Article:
What causes you to cry out? Is it physical pain or mental anguish? Anger? Fear? Grief? People cry out in reaction to all these things - and against political, socioeconomic, cultural, and religious divides that seem insurmountable. It was the same in the time of John the Baptist and no different in 1969 when the Vietnam War raged and increasing polarization among the citizens of the U.S. was having a horrifying effect on our children, with the most vulnerable of them falling farther and farther behind in measures of intelligence and competence. It seemed that it would take a miracle to find a way to fight ignorance and instill compassion and a sense of community in our youngest citizens – a miracle made possible by a group of extremely strange but wholly committed bedfellows who formed a different kind of “street gang.” It would take the creators of, “Sesame Street.”
I would bet that there are very few people listening right now who are not familiar with Sesame Street, the fifty-year-old public television children’s program that teaches letters, numbers and much, much more. Few of us, however, probably know the story of how an educational psychologist, a documentary television producer, a disillusioned television director, a late-night comic, and a somewhat desperate federal Department of Education worked together to develop the groundbreaking and incredibly successful television community that has since welcomed generations of children across the globe.
It’s a good story, found in the documentary, “Street Gang,” (streaming), which I highly recommend. It is, more importantly, a hopeful story, one about disparate people working together for a common and noble cause in a time in which the larger world around them was doing its level best to tear people apart. It is a story about people putting aside their anxieties and differences and taking a risk to do something they believed in. It is a story of community and love.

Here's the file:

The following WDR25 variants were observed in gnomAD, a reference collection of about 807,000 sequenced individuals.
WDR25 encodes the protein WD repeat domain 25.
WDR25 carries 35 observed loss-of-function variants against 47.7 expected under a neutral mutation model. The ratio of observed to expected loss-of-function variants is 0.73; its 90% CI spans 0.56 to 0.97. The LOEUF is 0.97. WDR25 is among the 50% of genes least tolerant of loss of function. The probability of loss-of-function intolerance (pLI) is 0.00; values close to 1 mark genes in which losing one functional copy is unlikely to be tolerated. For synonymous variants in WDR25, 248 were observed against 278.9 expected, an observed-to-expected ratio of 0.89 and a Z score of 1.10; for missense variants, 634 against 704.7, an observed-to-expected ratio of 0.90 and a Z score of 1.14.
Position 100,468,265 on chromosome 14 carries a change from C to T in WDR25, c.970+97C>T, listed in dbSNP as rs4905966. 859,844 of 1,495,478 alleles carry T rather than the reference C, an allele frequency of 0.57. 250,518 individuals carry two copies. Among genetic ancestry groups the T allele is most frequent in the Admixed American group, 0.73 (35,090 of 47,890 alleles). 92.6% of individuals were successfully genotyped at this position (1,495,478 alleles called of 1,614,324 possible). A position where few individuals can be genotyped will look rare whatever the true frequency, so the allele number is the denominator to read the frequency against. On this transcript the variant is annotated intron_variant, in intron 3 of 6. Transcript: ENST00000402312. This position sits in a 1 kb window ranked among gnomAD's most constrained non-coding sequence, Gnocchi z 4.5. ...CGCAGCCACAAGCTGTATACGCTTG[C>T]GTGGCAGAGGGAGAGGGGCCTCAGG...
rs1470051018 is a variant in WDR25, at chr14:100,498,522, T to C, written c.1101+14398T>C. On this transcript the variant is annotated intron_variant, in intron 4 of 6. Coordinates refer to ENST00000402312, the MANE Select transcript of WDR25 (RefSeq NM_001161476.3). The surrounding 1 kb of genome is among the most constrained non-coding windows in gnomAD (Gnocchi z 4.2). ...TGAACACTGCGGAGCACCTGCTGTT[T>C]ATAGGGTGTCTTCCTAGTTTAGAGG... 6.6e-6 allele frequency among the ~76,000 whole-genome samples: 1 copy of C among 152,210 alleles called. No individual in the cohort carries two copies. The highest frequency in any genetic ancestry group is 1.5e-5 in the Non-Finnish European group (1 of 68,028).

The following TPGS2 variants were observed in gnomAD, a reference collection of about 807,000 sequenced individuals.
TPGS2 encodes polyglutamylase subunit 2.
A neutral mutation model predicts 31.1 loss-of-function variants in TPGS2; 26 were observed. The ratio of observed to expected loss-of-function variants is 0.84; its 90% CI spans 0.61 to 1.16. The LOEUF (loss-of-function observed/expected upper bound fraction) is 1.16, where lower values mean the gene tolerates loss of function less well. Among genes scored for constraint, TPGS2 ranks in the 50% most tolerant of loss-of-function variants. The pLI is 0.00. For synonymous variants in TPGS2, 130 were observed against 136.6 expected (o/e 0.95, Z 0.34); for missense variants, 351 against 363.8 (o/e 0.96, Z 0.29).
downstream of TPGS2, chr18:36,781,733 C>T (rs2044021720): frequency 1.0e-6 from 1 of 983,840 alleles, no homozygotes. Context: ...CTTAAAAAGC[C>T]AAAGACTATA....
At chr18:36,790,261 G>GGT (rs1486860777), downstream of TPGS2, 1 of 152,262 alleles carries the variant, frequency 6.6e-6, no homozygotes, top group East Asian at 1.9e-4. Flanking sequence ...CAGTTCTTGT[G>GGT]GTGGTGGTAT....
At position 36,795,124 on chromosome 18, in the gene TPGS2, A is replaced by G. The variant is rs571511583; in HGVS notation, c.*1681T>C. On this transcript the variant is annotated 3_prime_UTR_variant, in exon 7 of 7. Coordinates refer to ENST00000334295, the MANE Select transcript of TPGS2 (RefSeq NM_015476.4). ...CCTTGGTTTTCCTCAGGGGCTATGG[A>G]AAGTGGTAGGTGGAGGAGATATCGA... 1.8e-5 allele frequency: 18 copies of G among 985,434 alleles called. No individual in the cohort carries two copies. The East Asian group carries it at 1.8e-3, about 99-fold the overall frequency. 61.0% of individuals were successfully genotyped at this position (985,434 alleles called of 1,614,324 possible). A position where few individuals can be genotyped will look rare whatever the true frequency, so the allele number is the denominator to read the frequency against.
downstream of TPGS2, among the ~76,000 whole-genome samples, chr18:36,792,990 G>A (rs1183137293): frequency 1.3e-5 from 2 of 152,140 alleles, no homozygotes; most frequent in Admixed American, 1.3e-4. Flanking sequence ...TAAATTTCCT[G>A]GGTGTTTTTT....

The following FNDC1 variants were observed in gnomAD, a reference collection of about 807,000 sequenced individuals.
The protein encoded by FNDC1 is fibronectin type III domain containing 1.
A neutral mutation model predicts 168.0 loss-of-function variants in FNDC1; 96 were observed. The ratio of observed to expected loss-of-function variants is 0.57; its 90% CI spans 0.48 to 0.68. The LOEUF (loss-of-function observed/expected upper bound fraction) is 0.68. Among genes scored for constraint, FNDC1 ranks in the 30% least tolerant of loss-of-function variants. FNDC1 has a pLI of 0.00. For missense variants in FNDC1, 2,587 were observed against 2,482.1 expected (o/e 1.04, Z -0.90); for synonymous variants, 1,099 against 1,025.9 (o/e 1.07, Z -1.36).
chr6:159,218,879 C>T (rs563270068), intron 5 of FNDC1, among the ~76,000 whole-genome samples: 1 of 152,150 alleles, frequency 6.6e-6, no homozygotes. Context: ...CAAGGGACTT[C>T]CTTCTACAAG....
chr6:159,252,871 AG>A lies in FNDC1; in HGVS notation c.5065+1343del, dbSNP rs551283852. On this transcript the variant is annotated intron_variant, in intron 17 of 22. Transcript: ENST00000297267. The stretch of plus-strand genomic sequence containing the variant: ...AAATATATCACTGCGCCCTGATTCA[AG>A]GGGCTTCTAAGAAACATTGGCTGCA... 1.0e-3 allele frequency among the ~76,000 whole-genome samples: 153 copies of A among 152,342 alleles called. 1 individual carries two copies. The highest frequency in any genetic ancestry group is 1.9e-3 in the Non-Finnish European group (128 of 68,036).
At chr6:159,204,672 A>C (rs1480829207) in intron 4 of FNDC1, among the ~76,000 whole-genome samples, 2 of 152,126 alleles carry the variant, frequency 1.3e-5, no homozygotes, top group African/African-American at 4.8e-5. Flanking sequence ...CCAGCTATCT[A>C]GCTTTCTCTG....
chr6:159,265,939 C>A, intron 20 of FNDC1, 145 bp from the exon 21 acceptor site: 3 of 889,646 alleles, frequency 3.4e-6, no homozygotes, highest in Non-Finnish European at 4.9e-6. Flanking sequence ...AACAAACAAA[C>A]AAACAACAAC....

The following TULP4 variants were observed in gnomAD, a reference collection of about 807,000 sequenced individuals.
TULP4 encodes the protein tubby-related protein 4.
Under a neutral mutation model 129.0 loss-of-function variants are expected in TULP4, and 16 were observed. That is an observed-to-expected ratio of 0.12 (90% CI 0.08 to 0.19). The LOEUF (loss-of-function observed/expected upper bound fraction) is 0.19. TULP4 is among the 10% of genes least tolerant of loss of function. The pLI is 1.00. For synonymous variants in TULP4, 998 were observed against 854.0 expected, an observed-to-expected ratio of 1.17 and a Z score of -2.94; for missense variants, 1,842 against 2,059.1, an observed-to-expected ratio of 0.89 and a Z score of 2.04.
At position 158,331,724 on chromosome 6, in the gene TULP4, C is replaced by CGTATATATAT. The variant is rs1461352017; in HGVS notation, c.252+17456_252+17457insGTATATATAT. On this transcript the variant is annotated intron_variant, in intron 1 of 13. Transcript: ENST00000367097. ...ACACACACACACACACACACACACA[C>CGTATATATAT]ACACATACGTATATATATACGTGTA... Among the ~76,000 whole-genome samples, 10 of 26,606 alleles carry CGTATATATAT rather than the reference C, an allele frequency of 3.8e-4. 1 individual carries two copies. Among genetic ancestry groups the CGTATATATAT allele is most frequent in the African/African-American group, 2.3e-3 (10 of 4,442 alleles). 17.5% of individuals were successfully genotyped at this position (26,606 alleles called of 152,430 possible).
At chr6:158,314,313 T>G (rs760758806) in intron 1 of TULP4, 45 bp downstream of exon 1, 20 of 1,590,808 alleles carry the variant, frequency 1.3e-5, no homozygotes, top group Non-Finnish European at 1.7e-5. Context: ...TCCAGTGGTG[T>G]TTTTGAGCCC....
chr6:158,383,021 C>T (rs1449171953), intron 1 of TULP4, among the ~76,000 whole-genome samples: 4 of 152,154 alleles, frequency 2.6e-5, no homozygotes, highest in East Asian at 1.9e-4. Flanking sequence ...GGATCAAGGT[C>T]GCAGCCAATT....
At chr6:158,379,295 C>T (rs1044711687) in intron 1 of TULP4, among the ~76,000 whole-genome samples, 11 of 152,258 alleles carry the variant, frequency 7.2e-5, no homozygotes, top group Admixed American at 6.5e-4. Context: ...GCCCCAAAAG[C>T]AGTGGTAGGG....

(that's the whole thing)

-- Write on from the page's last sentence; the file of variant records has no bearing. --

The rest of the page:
Christians know a lot of these kinds of stories. Yet, strangely, I do not hear them so much anymore. The most recent recommendation for a podcast I received from a priestly colleague was about the rise and fall of a megachurch – which is very interesting, but is primarily a precautionary tale about the potential narcissism of charismatic leaders and the sheep-like desperation of those sucked into his orbit. My daughter’s preferred “religious” listening is podcasts about cults – and very few news stories with the word “Christians” in the headline seem to contain tales illustrating what I was raised to think of as “Christian values” like love, compassion, generosity, and inclusion. We are left to find those in Hallmark Christmas movies – most of which do not include anyone visiting a house of worship.
But there are Christians who not only continue to believe in the teachings of Jesus but do them. I caught the end of one these stories from my office window this week as three of our members sorted, wrapped, and transported gifts and grocery gift cards to twenty-six individuals in eight families as part of the Spirit of Giving campaign this year. I got a small part in one when I made a reservation for a week-long hotel stay for an unhoused friend of this congregation after receiving donations from his church family to cover it. I was reminded of it when I heard about our Episcopal siblings in Oregon who will continue to serve meals to hungry folks four times a week despite the passage of a recent city ordinance restricting distribution of free meals to twice a week. What I wonder is why we are not telling these stories. And so I look back to the Sesame Street Gang, and to Paul’s friends in Philippi who we heard about in today’s second lesson, and all the way back to Baruch and I ask myself what makes their stories more worth telling than ours.